The Sense of an Ending
Tony Webster and his clique first met Adrian Finn at school. Sex-hungry and book-hungry, they navigated the girl drought of gawky adolescence together, trading in affectations, in-jokes, rumour and wit. Maybe Adrian was a little more serious than the others, certainly more intelligent, but they swore to stay friends forever. Until Adrian's life took a turn into tragedy, and all of them, especially Tony, moved on and did their best to forget.
Now Tony is in middle age. He's had a career and a marriage, a calm divorce. He gets along nicely, he thinks, with his one child, a daughter, and even with his ex-wife. He's certainly never tried to hurt anybody. Memory, though, is imperfect. It can always throw up surprises, as a lawyer's letter is about to prove. The unexpected bequest conveyed by that letter leads Tony on a dogged search through a past suddenly turned murky. And how do you carry on, contentedly, when events conspire to upset all your vaunted truths? (From Vintage Canada)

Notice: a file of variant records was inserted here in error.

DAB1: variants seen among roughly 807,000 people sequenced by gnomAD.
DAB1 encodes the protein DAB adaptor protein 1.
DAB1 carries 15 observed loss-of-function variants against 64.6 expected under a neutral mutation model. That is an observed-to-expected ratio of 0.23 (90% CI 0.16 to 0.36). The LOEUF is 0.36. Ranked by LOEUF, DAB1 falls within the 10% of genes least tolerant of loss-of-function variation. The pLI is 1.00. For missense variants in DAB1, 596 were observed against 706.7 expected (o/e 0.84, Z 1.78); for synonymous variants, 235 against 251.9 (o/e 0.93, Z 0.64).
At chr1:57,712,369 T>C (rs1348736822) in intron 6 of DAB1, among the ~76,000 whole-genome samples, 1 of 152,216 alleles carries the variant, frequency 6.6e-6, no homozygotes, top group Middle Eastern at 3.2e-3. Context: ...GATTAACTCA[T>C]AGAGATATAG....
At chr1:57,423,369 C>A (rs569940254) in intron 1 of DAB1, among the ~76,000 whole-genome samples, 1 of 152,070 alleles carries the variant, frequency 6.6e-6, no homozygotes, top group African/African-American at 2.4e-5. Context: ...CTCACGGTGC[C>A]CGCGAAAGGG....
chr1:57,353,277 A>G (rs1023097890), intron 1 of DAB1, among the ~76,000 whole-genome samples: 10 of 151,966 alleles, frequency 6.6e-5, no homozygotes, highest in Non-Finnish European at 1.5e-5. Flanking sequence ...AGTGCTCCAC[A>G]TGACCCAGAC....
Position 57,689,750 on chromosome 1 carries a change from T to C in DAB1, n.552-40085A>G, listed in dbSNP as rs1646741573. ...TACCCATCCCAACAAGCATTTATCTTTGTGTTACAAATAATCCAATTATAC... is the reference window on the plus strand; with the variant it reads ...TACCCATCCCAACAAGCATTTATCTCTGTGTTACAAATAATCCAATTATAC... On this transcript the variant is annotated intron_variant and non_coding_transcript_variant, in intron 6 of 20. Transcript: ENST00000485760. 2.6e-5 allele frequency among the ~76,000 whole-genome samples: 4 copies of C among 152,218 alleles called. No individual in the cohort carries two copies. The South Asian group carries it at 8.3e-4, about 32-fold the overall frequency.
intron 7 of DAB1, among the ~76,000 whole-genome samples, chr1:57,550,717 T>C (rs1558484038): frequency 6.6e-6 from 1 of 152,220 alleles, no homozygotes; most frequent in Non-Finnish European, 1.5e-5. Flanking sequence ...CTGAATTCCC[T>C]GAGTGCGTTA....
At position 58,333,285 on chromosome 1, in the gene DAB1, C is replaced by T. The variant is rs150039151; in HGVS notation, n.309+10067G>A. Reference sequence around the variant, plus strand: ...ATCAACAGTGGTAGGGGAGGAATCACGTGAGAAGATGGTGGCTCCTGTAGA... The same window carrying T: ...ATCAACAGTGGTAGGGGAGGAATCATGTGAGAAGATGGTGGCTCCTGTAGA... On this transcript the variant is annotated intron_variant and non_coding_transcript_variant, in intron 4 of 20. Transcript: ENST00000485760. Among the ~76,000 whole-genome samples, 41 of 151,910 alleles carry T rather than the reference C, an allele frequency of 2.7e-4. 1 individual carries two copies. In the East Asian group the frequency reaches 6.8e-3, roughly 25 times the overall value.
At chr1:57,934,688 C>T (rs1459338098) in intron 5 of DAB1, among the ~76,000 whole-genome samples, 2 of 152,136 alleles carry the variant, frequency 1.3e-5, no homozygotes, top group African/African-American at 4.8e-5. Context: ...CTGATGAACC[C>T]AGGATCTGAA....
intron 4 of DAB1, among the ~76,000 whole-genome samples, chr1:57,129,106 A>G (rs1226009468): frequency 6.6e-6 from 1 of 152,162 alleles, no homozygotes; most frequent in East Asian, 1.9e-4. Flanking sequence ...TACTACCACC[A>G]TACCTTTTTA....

From the book
I remember, in no particular order:
— a shiny inner wrist;
— steam rising from a wet sink as a hot frying pan is laughingly tossed into it;
— gouts of sperm circling a plughole, before being sluiced down the full length of a tall house;
— a river rushing nonsensically upstream, its wave and wash lit by half a dozen chasing torchbeams;
— bathwater long gone cold behind a locked door.
This last isn't something I actually saw, but what you end up remembering isn't always the same as what you have witnessed.
From The Sense of an Ending by Julian Barnes ©2011. Published by Vintage Canada.